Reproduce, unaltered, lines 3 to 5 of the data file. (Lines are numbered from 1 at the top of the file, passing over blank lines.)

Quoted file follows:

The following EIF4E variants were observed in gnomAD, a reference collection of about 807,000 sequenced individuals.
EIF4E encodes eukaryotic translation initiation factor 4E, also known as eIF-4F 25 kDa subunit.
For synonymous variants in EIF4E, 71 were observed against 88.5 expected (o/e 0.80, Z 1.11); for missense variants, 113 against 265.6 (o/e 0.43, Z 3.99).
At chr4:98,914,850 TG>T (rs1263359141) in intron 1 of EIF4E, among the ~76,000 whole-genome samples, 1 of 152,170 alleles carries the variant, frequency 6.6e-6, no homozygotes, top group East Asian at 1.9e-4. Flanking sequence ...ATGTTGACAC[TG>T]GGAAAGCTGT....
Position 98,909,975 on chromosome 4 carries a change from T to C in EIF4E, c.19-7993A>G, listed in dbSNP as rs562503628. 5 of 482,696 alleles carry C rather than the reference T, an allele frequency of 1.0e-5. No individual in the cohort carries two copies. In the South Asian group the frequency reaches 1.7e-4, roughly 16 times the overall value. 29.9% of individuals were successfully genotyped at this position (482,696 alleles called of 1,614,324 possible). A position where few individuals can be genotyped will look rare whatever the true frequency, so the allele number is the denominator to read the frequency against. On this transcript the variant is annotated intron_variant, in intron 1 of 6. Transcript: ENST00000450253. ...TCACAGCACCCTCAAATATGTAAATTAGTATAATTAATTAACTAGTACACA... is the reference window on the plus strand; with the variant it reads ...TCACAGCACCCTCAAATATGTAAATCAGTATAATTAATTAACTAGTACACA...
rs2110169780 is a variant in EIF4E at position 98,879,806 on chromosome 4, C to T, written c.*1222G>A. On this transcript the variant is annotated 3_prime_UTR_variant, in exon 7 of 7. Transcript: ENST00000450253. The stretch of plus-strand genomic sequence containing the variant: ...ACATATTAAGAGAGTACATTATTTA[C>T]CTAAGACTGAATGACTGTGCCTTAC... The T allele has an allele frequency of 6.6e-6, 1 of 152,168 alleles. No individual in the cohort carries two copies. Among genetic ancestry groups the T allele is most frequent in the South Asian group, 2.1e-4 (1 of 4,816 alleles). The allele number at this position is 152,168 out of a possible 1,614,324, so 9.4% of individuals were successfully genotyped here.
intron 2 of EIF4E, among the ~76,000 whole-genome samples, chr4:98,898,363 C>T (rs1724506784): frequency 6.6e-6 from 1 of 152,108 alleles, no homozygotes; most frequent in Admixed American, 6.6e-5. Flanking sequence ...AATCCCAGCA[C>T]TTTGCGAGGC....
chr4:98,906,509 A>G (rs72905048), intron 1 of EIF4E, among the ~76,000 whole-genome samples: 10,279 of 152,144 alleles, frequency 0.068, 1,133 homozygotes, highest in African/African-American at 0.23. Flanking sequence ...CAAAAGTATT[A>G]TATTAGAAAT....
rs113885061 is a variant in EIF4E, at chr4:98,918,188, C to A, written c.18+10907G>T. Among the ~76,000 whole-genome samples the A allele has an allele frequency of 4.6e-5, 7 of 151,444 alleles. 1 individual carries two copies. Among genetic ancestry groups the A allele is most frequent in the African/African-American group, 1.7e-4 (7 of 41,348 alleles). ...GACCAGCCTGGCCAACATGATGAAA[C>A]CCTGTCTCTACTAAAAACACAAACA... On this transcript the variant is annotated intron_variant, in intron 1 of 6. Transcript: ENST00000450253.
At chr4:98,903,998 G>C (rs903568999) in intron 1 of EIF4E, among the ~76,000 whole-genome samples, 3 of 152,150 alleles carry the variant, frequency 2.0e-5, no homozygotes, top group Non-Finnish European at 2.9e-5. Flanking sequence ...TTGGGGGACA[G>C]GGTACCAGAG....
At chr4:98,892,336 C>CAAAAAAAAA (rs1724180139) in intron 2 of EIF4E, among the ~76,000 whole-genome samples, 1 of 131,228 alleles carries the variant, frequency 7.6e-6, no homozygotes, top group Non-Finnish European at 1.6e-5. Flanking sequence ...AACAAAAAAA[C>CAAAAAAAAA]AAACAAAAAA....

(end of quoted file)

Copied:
For synonymous variants in EIF4E, 71 were observed against 88.5 expected (o/e 0.80, Z 1.11); for missense variants, 113 against 265.6 (o/e 0.43, Z 3.99).
At chr4:98,914,850 TG>T (rs1263359141) in intron 1 of EIF4E, among the ~76,000 whole-genome samples, 1 of 152,170 alleles carries the variant, frequency 6.6e-6, no homozygotes, top group East Asian at 1.9e-4. Flanking sequence ...ATGTTGACAC[TG>T]GGAAAGCTGT....
Position 98,909,975 on chromosome 4 carries a change from T to C in EIF4E, c.19-7993A>G, listed in dbSNP as rs562503628. 5 of 482,696 alleles carry C rather than the reference T, an allele frequency of 1.0e-5. No individual in the cohort carries two copies. In the South Asian group the frequency reaches 1.7e-4, roughly 16 times the overall value. 29.9% of individuals were successfully genotyped at this position (482,696 alleles called of 1,614,324 possible). A position where few individuals can be genotyped will look rare whatever the true frequency, so the allele number is the denominator to read the frequency against. On this transcript the variant is annotated intron_variant, in intron 1 of 6. Transcript: ENST00000450253. ...TCACAGCACCCTCAAATATGTAAATTAGTATAATTAATTAACTAGTACACA... is the reference window on the plus strand; with the variant it reads ...TCACAGCACCCTCAAATATGTAAATCAGTATAATTAATTAACTAGTACACA...